Most of what I can taste in this tea involves strawberries and spearmint. There’s some chocolate there, too, if you pay attention and do the taste equivalent of squinting, but I think the other two kind of sweep it away. I’d be careful not to oversteep it, because if you do, there’s almost too much flavor in this blend? And it’s on the edge of that even when you do it right. It’s really, REALLY good, an excellent anytime black tea with a lot of great elements to it, but if it’s overdone, it tries to make them equally strong and ends up being overworked. If you steep it for the right time, though, it’s a great blend and, in my opinion, a wonderful tribute.
Zen Tea has given me the biggest weakness for black teas that taste like dessert—first there was the Creme Brulee, and now this. It’s a little strong, but that’s a pretty okay quality to have in a tea that smells like caramel and tastes like chocolate (there’s a mostly-caramely, kind of chocolatey aftertaste). It’s a really…comfortable tea, like something you just want to make a pot of while you snuggle up and read a book or spend a whole night doing a paper or something. I might try it at a slightly shorter time, but other than that, it’s very sweet and yummy.
I definitely understeeped this. It basically tastes like Yunnan Emerald Buds from Teavana, but lighter and a little sharper, and without as much of the little astringent touch. As it is, I messed it up and can barely taste it at all. Trying for 2 minutes next time.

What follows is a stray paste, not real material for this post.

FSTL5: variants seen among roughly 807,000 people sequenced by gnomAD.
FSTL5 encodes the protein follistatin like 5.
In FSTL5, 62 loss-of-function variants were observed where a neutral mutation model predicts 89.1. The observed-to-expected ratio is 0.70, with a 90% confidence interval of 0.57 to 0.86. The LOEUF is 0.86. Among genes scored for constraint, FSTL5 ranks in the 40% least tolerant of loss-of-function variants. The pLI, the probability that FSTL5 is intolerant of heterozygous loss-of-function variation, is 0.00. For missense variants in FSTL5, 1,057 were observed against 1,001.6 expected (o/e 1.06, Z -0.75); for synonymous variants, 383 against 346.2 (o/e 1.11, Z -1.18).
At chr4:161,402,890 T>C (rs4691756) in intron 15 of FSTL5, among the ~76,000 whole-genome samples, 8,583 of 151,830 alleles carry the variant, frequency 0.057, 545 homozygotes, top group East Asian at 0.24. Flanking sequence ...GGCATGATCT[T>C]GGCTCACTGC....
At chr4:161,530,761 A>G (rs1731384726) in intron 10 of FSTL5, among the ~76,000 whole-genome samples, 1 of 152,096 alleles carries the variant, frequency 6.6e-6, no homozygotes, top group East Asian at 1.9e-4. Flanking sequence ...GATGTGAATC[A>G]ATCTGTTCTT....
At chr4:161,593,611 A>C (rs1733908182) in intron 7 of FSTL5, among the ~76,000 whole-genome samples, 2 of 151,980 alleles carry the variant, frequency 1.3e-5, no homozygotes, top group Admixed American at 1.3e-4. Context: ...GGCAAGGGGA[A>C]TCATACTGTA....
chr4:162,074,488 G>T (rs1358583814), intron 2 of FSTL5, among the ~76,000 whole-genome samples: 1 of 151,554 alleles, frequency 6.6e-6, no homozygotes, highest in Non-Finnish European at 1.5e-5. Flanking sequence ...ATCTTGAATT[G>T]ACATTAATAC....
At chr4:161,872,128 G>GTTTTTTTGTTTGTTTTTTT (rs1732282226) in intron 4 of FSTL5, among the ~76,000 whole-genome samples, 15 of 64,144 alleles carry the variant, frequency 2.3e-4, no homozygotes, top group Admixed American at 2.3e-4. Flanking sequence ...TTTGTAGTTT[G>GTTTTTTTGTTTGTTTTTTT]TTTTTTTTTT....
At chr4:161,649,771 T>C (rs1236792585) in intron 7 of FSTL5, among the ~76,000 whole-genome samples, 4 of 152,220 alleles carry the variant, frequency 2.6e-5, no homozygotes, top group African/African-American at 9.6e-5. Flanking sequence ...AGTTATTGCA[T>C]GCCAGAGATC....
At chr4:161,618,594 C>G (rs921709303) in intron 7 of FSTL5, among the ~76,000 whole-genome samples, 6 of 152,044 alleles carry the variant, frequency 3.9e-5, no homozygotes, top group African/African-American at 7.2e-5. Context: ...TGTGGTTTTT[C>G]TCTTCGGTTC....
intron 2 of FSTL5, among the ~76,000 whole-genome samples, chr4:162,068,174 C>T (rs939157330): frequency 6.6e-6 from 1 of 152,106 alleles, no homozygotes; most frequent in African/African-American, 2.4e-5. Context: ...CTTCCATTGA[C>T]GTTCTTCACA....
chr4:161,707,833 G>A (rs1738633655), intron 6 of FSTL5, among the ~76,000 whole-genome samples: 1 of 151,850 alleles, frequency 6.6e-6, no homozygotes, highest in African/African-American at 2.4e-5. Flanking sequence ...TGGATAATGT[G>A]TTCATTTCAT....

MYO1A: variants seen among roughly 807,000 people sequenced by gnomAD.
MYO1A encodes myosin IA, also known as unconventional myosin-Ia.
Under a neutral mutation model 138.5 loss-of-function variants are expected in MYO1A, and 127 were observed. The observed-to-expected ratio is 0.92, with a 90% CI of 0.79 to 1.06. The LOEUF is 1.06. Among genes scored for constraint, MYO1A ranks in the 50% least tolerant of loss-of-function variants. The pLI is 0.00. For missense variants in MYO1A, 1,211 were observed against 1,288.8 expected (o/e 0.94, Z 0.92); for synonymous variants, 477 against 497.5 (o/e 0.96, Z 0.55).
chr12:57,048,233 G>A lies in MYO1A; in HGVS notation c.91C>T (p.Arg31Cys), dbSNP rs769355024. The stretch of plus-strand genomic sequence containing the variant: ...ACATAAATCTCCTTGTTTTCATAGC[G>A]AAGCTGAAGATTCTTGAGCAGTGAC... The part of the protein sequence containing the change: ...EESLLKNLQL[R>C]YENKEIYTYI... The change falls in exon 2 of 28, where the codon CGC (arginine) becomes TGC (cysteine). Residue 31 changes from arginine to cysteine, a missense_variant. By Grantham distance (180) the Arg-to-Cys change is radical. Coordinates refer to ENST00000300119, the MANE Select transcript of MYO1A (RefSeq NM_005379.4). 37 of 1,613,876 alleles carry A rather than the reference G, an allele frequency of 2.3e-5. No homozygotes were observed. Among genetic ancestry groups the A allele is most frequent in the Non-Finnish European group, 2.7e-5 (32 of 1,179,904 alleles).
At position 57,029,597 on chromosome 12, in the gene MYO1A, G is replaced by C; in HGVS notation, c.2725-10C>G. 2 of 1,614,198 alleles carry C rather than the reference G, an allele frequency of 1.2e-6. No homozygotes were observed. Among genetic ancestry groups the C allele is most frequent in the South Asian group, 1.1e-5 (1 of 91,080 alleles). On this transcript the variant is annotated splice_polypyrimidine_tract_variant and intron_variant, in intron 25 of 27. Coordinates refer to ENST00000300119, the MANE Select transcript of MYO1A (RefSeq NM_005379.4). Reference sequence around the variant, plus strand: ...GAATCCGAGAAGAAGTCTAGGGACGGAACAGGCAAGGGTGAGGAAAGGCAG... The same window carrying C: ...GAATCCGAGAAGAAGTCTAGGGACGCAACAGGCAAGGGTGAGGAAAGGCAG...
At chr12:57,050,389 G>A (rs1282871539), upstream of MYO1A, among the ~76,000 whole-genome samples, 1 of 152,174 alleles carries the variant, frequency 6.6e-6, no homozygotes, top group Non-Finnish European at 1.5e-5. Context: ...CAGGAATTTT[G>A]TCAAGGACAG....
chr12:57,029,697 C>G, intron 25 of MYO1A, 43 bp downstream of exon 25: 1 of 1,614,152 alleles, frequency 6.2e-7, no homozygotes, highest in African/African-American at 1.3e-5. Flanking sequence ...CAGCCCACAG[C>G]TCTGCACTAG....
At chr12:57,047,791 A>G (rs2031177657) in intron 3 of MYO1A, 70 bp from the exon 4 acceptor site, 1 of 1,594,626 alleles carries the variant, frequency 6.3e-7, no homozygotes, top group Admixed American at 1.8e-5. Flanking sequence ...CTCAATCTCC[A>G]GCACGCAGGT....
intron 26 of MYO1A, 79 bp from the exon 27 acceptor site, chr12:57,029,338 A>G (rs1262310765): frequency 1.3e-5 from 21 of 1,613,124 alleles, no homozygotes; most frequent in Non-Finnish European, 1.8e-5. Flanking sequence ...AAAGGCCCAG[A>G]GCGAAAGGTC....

It is very strong. As a matter of fact, it almost tastes consistently oversteeped even when I try to understeep it by 15 seconds or so, but I still enjoy it a lot. I think I might be imagining this because everyone else said it was barely there, but I can really taste/smell the cocoa and the orange is surprisingly not overpowering with it! It’s like it ended up being the scrumptious chocolate orange tea that it was never trying to be in the first place.
This would not be my first choice for a wake-up tea, which I guess is a minus for a tea that calls itself “focus”, but I think it’s a good any-time tea. Not sure I’d buy it again, but it was definitely worth a try and worth getting.
Edit: I’m not posting less logs because I’ve stopped drinking tea, I’m posting less because I basically ran out of everything I bought over the summer. There will be more when I get money I can spend on delicious leaves I can then throw in hot water and drink.
Maybe I’m just not as good at tasting the subtle difference between senchas as I ought to be, but this basically tastes like Kanaya overall. It smells sweeter, though, and less like nori, which isn’t bad! at all! They’re just delicious in different ways.
There’s something interesting going on at the back of the mouth, though, that Kanaya didn’t have. They both have the astringent kick (I guess this is just a sencha thing, all you Japanese tea aficionados can laugh at me now), but this is sharper. I think it’s just a fuller flavor without being overpowering.
I’m going to have to try more types of sencha to see if I can learn to separate their flavors better. This is another tasty one, though! Too bad my only sample is gone now.
My friend got this for me from Charleston because she is a sweetheart!
It’s a nice, tasty, solid green tea, and I think what I like most about it is how easy it is to make. Most green teas are all finicky and easy to mess up, but I guess American teamakers decided “You know what the world needs? Green tea that you can steep in boiling water for two or three minutes, and it’ll be fine!” And I did, and it’s glorious. It actually kind of tastes a little like Japanese green tea, but with a tiny bit of that floral taste-smell you get from Chinese tea. If I were to point someone in the direction of a good solid green tea, it would probably be this one. It might not be outstandingly memorable, but it’s really tasty and I’d totally buy it again if I find myself in Charleston.